Are You Leading for the Good of Those You Serve?

Jony Ive is the senior vice president of design at Apple and is known as the great design mind behind the products at Apple. In a rare interview, Jony shares some lessons he learned from working with Steve Jobs. In the interview, he recounts a conversation with Steve where Steve rebukes him for leading to be approved, for wanting approval from his team more than anything else.

According to Jony, he wondered if Steve could “moderate” his comments about his frustration with a product. When asked for the reason for the request, Jony expressed the desire for moderation because “he cared about his team.” Steve challenged him and remarked:

You are just really vain. You just want people to like you. I am surprised at you. I thought you really held the work up as most important, not how you believe you are perceived by other people.

Jony, and I assume Steve, don’t use the term idolatry, but the confrontation centers on a common leadership idol—the idol of approval. When we lead for approval, we really are vain. We are leading for ourselves, to feel needed and appreciated. While we can mask our pride by insisting our decisions are really for the team, if approval is our ultimate goal, then we really aren’t leading for the sake of others.

Of course, I am not suggesting that the product, ministry, program, or initiative is more important than people. We should not exchange the idol of approval for the idol of success, the idol of accomplishment. But many leaders struggle with leading to be approved instead of leading for what’s best, for the health of those they serve, for the mission of their team/organization.

Often times, “I care really deeply about my team” can really mean “I just want my team to really like me.” Or “I am just protecting my team” really means “I need my team to love me because my soul needs that.”

Jony Ive says he was crushed because he knew Steve was right. Some leaders need the confrontation that Steve Jobs provided Jony Ive. Are you leading so people will approve of you or are you leading for the good of those you serve?

JohnnyIve

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ABOUT THE AUTHOR

Eric Geiger

Eric Geiger serves as the Vice President of the Church Resource Division at LifeWay Christian Resources. Eric received his doctorate in leadership and church ministry from Southern Seminary. He is also a teaching pastor and a frequent speaker and consultant on church mission and strategy. Eric authored or co-authored several books including the best selling church leadership book, Simple Church. Eric is married to Kaye, and they have two daughters: Eden and Evie. During his free time, Eric enjoys dating his wife, playing with his daughters, and shooting basketball.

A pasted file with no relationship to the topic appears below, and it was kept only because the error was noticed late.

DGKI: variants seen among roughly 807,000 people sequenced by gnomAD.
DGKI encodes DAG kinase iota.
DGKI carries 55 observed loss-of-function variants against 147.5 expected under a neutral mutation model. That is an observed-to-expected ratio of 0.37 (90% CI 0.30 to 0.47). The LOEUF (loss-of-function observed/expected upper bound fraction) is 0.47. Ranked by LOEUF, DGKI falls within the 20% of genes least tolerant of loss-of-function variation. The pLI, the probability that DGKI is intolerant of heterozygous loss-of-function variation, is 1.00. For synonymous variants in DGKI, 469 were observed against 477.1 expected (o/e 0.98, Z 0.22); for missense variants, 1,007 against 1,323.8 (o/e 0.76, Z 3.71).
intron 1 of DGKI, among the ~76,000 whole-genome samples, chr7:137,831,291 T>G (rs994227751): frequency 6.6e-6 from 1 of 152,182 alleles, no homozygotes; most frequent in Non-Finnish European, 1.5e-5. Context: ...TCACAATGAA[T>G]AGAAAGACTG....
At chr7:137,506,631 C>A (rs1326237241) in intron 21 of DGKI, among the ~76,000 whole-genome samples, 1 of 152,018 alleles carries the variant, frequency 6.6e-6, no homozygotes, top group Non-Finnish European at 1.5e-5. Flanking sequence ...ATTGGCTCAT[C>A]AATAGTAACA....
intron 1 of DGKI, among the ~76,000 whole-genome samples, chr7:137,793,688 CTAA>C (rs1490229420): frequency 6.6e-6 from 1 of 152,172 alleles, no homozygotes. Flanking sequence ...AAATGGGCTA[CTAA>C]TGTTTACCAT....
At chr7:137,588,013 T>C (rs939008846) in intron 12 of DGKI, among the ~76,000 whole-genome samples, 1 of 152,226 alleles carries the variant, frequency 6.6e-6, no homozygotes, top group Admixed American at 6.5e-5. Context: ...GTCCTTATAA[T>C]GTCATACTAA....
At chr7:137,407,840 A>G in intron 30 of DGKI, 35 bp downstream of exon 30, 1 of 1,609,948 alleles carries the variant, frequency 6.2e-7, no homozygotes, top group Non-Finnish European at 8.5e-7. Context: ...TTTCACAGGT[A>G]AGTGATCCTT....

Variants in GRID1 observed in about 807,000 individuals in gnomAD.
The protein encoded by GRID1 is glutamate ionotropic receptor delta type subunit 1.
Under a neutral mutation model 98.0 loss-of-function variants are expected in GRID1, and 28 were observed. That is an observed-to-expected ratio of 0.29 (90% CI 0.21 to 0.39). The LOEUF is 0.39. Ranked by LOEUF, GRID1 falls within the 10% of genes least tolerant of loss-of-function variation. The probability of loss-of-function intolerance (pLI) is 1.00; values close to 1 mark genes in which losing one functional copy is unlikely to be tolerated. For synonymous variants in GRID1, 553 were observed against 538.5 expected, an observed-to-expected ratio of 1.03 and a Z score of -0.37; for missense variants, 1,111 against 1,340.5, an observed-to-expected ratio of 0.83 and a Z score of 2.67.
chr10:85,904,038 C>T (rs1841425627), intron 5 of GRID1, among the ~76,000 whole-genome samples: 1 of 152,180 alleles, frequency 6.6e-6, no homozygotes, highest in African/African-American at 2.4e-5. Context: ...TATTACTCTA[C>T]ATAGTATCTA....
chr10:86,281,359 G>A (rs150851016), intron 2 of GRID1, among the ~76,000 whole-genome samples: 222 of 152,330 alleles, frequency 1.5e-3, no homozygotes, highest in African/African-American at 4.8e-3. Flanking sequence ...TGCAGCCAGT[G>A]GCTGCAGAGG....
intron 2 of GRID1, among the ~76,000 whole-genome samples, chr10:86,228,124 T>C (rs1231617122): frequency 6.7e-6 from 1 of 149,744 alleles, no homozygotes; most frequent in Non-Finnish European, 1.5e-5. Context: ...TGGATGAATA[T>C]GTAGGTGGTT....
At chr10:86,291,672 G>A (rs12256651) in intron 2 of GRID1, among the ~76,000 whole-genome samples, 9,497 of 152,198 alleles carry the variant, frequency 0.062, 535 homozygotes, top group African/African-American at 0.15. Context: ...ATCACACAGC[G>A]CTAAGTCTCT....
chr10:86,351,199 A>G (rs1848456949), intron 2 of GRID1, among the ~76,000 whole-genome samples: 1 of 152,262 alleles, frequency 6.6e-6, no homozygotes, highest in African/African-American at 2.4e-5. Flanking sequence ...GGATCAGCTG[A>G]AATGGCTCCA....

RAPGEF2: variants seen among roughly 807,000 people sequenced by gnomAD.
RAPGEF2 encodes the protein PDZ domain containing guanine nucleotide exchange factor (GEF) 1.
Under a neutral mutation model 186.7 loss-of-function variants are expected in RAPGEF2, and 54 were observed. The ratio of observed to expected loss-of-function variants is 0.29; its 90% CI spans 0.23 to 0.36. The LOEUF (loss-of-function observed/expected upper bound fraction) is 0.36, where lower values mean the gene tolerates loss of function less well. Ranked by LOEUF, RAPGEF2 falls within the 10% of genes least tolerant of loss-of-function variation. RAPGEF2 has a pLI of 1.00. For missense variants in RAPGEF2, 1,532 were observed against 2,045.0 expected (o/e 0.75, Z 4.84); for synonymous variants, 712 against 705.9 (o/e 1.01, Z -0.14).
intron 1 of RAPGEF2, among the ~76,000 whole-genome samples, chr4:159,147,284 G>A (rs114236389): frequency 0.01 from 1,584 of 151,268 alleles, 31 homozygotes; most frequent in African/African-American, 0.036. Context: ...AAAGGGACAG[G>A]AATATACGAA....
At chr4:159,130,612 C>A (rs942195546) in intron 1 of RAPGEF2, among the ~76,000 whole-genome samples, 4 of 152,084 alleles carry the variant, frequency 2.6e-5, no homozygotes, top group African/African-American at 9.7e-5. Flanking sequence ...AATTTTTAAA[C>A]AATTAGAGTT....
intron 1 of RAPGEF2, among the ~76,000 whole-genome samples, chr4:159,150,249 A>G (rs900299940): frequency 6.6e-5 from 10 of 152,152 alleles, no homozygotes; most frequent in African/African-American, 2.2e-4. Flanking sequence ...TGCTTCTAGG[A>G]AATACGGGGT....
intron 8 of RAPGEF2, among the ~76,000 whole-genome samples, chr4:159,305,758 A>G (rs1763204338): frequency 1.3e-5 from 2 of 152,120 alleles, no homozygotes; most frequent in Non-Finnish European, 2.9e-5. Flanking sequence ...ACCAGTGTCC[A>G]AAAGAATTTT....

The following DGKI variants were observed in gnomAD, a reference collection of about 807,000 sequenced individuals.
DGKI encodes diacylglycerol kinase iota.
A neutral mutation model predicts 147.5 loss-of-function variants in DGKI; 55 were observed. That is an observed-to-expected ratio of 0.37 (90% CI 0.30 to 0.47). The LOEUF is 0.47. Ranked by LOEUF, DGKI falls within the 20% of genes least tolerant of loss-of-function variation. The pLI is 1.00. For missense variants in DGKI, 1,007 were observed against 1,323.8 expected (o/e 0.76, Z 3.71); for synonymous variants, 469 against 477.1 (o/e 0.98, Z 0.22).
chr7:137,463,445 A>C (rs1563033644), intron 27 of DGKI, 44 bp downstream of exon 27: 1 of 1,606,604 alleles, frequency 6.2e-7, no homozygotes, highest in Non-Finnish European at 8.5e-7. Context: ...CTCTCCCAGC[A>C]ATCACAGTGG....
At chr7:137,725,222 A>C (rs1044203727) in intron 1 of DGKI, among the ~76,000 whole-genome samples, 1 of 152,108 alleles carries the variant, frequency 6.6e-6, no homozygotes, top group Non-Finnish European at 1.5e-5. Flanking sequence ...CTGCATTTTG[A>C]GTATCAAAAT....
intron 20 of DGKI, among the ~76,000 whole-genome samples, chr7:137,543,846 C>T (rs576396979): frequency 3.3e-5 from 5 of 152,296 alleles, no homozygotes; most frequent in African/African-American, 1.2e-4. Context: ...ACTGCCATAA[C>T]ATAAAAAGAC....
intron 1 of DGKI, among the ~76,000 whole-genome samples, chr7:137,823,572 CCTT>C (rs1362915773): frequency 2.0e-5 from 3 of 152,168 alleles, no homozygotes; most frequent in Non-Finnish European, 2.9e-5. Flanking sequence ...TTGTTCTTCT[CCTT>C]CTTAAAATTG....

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Recent Comments
If someone wants entertainment they're going to the wrong place. Church is not a place for entertainment...or in my opinion a barrage of coffee and donuts. Why are churches today bringing the world INTO them? Then there's the thing with children...age appropriate??? These little guys can pick stuff up in service. Besides Jesus said Suffer little children, and forbid them not, to come unto me: for of such is the kingdom of heaven. Mt. 19:14.
 
— Laurie
 
I love the intentionality here as well as the challenge to look at the data. That's missing so many times. I would like to offer a contrarian's take. Church members and regular attenders have so many ways to get information: Announcements, bulletins, social channels, relationships, and email being among the options. But brand new people are likely going to check out the website and that's it. It might be wiser for churches with limited time and resources to focus their website almost exclusively to guests. This group of people isn't looking for a calendar of events but wants to know about regular programs. They probably aren't interested in watching all of the messages but instead may want to preview one of the services. For the times we need church members to go to websites (sign up for camp, join a group, etc), we're probably better off designing and promoting a specific page rather than cluttering up the homepage.
 
— Michael Lukaszewski (@mlukaszewski)
 
A great question! Unfortunately, the Church Unique Kit is no longer available in print form. We are working on revising it and updating it into an online experience, but that project is at least six months out. An alternative is to come to an upcoming certification class. There is one May 15-18 in Houston, and October 23-26 in Atlanta.
 
— VRcurator
 

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